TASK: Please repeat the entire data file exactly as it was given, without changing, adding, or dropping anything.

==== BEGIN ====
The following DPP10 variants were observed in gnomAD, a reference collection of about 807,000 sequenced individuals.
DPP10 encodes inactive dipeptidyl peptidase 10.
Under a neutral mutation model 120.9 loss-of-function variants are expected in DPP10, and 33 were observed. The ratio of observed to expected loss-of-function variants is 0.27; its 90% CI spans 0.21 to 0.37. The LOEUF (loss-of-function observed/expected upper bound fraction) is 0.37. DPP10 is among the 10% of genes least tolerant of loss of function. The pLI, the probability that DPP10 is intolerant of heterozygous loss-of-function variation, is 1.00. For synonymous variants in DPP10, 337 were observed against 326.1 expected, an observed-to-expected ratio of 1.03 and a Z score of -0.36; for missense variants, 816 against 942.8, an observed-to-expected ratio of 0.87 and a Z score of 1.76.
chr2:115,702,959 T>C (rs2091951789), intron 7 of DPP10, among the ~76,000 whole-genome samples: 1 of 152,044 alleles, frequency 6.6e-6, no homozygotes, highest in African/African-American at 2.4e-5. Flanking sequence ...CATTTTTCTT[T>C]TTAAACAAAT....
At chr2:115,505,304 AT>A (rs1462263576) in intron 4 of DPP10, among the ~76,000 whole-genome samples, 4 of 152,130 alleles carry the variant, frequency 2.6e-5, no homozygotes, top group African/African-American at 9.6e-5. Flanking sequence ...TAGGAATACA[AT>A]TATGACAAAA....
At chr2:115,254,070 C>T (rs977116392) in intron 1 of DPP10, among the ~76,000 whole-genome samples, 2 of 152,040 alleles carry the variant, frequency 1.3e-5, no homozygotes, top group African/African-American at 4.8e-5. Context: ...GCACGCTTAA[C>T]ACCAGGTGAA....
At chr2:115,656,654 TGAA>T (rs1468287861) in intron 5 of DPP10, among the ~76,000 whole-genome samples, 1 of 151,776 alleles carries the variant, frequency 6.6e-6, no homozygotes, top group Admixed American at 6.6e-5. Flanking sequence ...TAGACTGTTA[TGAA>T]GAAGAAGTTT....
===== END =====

The following DPP10 variants were observed in gnomAD, a reference collection of about 807,000 sequenced individuals.
DPP10 encodes inactive dipeptidyl peptidase 10.
Under a neutral mutation model 120.9 loss-of-function variants are expected in DPP10, and 33 were observed. The ratio of observed to expected loss-of-function variants is 0.27; its 90% CI spans 0.21 to 0.37. The LOEUF (loss-of-function observed/expected upper bound fraction) is 0.37. DPP10 is among the 10% of genes least tolerant of loss of function. The pLI, the probability that DPP10 is intolerant of heterozygous loss-of-function variation, is 1.00. For synonymous variants in DPP10, 337 were observed against 326.1 expected, an observed-to-expected ratio of 1.03 and a Z score of -0.36; for missense variants, 816 against 942.8, an observed-to-expected ratio of 0.87 and a Z score of 1.76.
chr2:115,702,959 T>C (rs2091951789), intron 7 of DPP10, among the ~76,000 whole-genome samples: 1 of 152,044 alleles, frequency 6.6e-6, no homozygotes, highest in African/African-American at 2.4e-5. Flanking sequence ...CATTTTTCTT[T>C]TTAAACAAAT....
At chr2:115,505,304 AT>A (rs1462263576) in intron 4 of DPP10, among the ~76,000 whole-genome samples, 4 of 152,130 alleles carry the variant, frequency 2.6e-5, no homozygotes, top group African/African-American at 9.6e-5. Flanking sequence ...TAGGAATACA[AT>A]TATGACAAAA....
At chr2:115,254,070 C>T (rs977116392) in intron 1 of DPP10, among the ~76,000 whole-genome samples, 2 of 152,040 alleles carry the variant, frequency 1.3e-5, no homozygotes, top group African/African-American at 4.8e-5. Context: ...GCACGCTTAA[C>T]ACCAGGTGAA....
At chr2:115,656,654 TGAA>T (rs1468287861) in intron 5 of DPP10, among the ~76,000 whole-genome samples, 1 of 151,776 alleles carries the variant, frequency 6.6e-6, no homozygotes, top group Admixed American at 6.6e-5. Flanking sequence ...TAGACTGTTA[TGAA>T]GAAGAAGTTT....